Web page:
A great read at Pantograph Punch, on the problems with how we talk about poverty.
Poverty doesn’t take breaks on the weekends, or holidays over Christmas, or a week in Bali to escape the winter. Poverty is relentless. Poverty is a daily humiliation. Poverty makes you especially vulnerable to substance abuse, violence and crime, which in turn keep you locked into that cycle. Poverty is hopelessness. Poverty takes away your agency and your power, and your voice. Poverty instills shame and parades your circumstances for judgment by strangers at dinner table chit-chat and late night talkback radio for those who have never met you. Poverty hangs over your entire life like a dark cloud that stretches to your furthest horizons, casting a dark shadow over every aspect of your personhood. Poverty is also reductive: you may be a complex creature, a full human being with loves and hates and particular tastes and preferences, but firstly you’re poor.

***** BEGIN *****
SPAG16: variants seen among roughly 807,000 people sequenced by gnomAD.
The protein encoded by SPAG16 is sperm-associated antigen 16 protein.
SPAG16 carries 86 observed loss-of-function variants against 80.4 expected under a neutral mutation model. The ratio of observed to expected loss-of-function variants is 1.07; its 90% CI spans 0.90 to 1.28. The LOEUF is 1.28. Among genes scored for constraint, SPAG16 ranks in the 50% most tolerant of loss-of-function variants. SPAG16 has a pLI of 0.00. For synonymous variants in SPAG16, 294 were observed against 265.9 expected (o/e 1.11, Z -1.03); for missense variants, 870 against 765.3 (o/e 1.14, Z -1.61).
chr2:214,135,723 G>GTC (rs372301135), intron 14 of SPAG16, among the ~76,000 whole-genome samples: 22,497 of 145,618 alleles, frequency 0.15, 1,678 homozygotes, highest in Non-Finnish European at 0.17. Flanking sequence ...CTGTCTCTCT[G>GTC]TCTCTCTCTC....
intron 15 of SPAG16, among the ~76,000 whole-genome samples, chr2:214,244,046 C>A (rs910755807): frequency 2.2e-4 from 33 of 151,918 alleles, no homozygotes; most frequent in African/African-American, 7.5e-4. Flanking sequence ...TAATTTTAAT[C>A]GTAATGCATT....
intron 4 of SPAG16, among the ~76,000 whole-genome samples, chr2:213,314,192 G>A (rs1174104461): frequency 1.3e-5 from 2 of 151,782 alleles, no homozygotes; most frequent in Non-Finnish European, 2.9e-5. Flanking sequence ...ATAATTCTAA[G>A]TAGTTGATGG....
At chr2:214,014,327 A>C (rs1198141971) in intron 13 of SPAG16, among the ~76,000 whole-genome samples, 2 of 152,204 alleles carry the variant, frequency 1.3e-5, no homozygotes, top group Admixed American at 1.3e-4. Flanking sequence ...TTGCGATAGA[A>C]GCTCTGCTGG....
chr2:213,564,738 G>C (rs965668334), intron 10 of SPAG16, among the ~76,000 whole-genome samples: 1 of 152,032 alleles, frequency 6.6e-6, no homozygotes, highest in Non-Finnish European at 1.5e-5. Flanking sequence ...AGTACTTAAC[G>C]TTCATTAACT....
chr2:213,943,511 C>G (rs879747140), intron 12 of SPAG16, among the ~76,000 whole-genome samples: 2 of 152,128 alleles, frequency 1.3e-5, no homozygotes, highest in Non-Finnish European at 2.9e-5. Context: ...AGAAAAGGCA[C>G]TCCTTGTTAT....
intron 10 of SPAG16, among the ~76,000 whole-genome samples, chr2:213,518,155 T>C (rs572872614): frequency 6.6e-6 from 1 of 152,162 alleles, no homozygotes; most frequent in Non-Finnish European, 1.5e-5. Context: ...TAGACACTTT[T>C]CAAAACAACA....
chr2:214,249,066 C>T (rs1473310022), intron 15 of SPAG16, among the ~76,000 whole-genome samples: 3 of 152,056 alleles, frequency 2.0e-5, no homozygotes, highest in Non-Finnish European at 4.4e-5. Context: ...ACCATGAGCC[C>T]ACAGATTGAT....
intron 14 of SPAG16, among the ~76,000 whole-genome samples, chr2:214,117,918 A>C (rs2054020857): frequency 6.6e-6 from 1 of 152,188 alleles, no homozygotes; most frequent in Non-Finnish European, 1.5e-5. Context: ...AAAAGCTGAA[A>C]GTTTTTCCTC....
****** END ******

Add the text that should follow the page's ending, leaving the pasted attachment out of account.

Poverty is not being given credit for carrying on, in the face of all of this, against all odds, in spite of naysayers and without the guarantee of change or liberation or even a platform.
Hat-tip to Morgan Godfery on Twitter.